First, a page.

The interviewer should hand the show card to the respondent and ask them to state the categories that apply, coding up to ten.

Question 2

As an introduction to this question, interviewers may state:

"This question asks about whether your health condition or illness currently affects your ability to carry out normal day-to-day activities, either a lot or a little or not at all. In answering this question, you should consider whether you are affected in any way by your health condition or illness while receiving any treatment or medication for your condition or illness and/or using any devices such as a hearing aid, for example."

The respondent should answer based on their current activity restriction.[12]

If asked to clarify whether the second question refers to the ability to carry out day-to-day activities with or without medication, the respondent should be prompted to think about what is most usual for them; if they usually take medication then they should think about whether their ability to carry out day-to-day activities is reduced in any way, when they are on medication.

If interviewers are asked for clarification on the meaning of day-to-day activities the following may provide a guide.

Normal day to day activities can include:

  • washing and dressing
  • household cleaning
  • cooking
  • shopping for essentials
  • using public or private transport
  • walking a defined distance
  • climbing stairs
  • remembering to pay bills
  • lifting objects from the ground or a work surface in the kitchen
  • moderate manual tasks such as gardening
  • gripping objects such as cutlery
  • hearing and speaking in a noisy room

Interpretation of limiting 'a little' or 'a lot' is in the context of how much assistance a person needs to carry-out daily activities, and whether they are house bound. 'A lot', for example, means usually needing the assistance of family, friends or personal social services for a number of or all normal daily activities. The respondents should answer based on their current extent of activity restriction after any treatment, medication or other devices (such as a hearing aid) they may receive or use has been taken into account.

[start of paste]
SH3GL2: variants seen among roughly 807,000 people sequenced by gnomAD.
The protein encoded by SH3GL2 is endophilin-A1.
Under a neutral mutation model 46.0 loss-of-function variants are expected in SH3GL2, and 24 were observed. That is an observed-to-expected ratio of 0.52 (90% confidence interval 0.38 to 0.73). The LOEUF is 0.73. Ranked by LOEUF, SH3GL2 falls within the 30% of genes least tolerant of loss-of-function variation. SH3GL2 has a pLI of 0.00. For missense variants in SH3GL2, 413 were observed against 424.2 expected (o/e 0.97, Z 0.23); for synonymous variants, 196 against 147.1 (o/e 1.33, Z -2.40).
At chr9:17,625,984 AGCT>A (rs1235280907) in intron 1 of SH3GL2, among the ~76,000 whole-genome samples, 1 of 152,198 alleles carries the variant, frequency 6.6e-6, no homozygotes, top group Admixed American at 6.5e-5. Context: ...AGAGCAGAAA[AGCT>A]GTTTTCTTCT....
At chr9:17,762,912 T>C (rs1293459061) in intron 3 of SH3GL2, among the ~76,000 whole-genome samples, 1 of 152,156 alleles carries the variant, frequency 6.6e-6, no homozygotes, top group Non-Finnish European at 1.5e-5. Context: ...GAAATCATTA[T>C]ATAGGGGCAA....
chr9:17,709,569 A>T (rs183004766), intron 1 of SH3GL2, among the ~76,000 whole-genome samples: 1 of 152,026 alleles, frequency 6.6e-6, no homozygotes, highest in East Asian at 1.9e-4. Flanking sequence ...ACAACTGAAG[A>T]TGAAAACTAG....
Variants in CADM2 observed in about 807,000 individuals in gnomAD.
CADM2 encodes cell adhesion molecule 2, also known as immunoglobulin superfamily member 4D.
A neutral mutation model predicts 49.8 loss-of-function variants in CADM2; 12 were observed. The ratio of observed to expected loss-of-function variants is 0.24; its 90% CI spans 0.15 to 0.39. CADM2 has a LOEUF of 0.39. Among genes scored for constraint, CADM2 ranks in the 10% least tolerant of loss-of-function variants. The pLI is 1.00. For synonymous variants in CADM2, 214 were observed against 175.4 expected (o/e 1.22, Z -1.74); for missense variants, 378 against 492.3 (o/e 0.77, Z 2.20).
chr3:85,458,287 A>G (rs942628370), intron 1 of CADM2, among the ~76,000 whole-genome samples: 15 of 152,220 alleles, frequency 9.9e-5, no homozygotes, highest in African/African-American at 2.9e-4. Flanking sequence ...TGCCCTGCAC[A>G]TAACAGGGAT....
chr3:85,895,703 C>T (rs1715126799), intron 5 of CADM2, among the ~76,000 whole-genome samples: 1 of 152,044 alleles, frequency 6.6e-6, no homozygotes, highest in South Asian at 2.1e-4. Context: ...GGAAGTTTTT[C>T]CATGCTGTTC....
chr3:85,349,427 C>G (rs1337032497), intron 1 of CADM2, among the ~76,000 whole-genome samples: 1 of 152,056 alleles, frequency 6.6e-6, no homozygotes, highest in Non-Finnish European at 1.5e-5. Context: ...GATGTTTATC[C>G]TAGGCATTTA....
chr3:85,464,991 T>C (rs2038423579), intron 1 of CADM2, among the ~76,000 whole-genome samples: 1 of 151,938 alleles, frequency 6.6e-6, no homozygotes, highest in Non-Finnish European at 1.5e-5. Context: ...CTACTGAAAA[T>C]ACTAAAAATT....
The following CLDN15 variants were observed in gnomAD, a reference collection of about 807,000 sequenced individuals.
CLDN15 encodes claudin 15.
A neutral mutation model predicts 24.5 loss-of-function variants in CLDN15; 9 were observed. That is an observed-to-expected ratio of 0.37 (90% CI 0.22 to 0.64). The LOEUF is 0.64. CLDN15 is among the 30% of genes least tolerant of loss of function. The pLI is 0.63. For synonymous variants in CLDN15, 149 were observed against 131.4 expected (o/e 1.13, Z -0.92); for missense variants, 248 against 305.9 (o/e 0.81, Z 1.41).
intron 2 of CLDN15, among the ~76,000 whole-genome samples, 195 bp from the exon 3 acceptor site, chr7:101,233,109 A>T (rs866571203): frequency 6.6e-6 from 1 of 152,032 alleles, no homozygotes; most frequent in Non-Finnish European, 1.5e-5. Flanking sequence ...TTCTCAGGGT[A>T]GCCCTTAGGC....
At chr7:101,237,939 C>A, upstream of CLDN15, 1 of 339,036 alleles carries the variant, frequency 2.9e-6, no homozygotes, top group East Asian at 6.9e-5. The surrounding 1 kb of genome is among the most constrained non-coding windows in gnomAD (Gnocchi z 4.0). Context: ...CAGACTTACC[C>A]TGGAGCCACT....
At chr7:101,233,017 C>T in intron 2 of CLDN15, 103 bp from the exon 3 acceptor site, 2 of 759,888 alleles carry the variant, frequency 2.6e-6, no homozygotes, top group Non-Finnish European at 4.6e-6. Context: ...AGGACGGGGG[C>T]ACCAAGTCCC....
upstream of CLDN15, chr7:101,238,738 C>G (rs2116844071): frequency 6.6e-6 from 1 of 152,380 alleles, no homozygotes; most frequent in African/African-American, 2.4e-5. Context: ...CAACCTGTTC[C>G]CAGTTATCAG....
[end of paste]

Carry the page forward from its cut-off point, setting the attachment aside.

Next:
An additional optional question regarding the length of time activity restriction is expected to occur, or has already occurred for, is provided by ONS, though this question is less widely used than those already detailed. This question can be asked to all respondents aged 16 and over who responded "yes" to question 1a and responded "yes, a lot" or "yes, a little" to question 2.

Question: For how long has your ability to carry out day-to-day activities been reduced? [13]


  • 1. Less than six months
  • 2. Between six and twelve months
  • 3. Twelve months or more

Further information regarding this question can be found on the ONS' activity restriction harmonisation standard webpage.[14]

Proxy responses

If the respondent is under 16 years of age the questions must only be asked by proxy. The questions can also be asked by proxy if the respondent is aged 16 or over and unable to respond in person. If responding in a language other than English is preferred, professional interpreters, including BSL interpreters, should be used to assist with data collection.

Online surveys

There has been no specific testing for displaying the questions online, either aesthetically (formatting of tick boxes and page design) or in terms of the content (question wording, spontaneous response options etc.). The ONS questions recommended here adopted the online Census 2021 question wording for England and Wales, so the questions have been tested and used in an online format, which can be seen in section 6 of the question development page.[15]

No specific testing has been done for an online 'prefer not to say' (PNTS) option, however ONS have tested and implemented a 'show on skip' version of the PNTS option for the online Labour Market Survey. Where a respondent skips the question, they will see the full list of response options repeated on the subsequent screen, with the inclusion of a option PNTS as well as a statement above the question emphasising the importance of providing a response for data collection purposes.